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So in the past week I have been contemplating my choices really (mostly whether, and how long to stay in France, if I should look for a new job here, go back to DC, where can I find true love, is this it?)-everything seems tied in to whether to go home or stay here or where is home, who am I who do I want to become,  etc, really hard. Possibly too hard. On deep level, I am afraid and anxious, not sure what will make me happy, not sure what’s the right thing to do, what I want to do, if my paradigm of the world works at all, and most of all, which mistakes I am willing to make.

And when one is motivated by existential sorts of things, that means nothing is straightforward. If I wanted to maximize my career, optimize for more time with my family, or for anything else, it would be simple.

Also, every time I come to France, i feel like it’s the last time. Or at least I enjoy it more when I think that way. When I think of it as my potential future and the wagon I have hitched my life to, then it becomes easy to despair, not only become homesick but become totally disgusted with everything here, and long for salvation in some other way.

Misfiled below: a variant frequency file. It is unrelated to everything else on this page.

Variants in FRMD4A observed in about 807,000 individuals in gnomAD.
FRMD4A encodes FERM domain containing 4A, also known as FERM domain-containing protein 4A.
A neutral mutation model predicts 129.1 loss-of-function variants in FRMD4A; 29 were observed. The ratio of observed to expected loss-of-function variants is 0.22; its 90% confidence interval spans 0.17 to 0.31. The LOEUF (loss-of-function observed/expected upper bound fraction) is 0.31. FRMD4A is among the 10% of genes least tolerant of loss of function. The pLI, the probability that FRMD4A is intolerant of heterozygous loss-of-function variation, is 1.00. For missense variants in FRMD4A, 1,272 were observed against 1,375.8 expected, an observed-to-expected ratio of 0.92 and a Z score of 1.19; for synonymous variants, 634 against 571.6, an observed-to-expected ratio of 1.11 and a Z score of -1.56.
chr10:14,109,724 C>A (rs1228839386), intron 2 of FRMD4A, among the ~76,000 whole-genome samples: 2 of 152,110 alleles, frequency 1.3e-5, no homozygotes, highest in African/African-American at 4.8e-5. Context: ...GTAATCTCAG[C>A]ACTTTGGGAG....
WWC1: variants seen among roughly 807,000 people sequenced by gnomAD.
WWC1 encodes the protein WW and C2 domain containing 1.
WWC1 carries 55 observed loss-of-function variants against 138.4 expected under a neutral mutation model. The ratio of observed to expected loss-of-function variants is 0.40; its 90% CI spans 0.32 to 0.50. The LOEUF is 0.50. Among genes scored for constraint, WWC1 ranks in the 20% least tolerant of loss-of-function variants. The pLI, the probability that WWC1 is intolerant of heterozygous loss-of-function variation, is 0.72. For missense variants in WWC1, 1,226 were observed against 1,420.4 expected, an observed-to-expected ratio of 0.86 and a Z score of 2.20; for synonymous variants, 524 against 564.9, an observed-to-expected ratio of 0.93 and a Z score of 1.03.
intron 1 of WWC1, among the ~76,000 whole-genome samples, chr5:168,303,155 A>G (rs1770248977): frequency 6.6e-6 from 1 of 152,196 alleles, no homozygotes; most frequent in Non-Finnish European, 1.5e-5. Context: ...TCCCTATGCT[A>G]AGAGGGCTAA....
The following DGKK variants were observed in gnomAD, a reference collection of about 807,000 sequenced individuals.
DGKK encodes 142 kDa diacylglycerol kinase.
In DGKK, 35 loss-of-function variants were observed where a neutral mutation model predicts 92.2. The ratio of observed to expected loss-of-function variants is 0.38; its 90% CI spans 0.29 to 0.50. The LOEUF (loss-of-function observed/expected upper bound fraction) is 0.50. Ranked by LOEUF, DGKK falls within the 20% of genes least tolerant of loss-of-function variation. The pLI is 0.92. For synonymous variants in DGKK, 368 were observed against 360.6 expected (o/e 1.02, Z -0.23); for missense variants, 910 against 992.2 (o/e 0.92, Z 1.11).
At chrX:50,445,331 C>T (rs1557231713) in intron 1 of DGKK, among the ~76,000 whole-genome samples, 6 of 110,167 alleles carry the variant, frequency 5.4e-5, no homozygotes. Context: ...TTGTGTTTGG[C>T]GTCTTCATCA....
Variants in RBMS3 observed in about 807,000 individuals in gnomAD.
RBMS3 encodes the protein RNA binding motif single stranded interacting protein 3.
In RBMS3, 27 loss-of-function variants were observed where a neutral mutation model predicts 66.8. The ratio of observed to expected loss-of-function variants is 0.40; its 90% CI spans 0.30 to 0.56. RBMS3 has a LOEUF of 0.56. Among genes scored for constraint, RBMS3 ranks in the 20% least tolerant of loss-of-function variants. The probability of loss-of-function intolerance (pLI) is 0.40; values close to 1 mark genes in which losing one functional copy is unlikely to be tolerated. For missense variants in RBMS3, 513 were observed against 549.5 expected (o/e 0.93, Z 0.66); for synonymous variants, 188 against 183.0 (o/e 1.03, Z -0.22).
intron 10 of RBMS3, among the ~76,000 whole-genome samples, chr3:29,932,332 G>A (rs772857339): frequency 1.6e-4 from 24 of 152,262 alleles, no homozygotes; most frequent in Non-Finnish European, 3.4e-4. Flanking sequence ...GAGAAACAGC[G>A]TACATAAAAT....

TO be honest, I think it’s correct, as well as somewhat cutting, to admit that, as my mother mentioned once, I’ve never really been normal in America, so she understands why it would be freeing to go elsewhere where by default I would not be judged by normal standards. It is completely true. It’s also completely true that by being in France and not obeying anyon’e s social rules, I’ve become more comfortable in my own skin and feel more affinity with people at home, who in the past I might have felt separated from. I’ve never felt more American than I do now, or proud of my country to be honest, though that doesn’t stop me from being critical.

I’ve created this false dichotomy in my head that America=relationship/social happiness- family, hotter dudes, and easier to make friends, and nicer people. also better career prospects quite posisbly, more $$$, stability since I have the birthright to live there, expressing myself in my native tongue with all the witticisms you’ve come to enjoy from me,  and you know, not being a foreigner. Though I might feel like a foreigner after all the time I’ve spent here. And France= curiosity, exploration, freedom, isolation, travel, beauty, vacation, stagnation, speaking French, the language of my heart,  iffy on the career side, and nothing will ever be stable. Sometimes I feel like France, and living abroad, can be a kind of Neverland, and a permanent vacation, since there are no roots, and you know you could go back anytime. but like Hotel California, you can check out any time you like, but you can never leave. And everything remains kind of surreal, in limbo, or stagnation. I’ve met too many expats, especially Americans, who are just not well adjusted, period. Not least because all the ambitious people of the world, particularly the English speaking world, flock to New York, London, LA…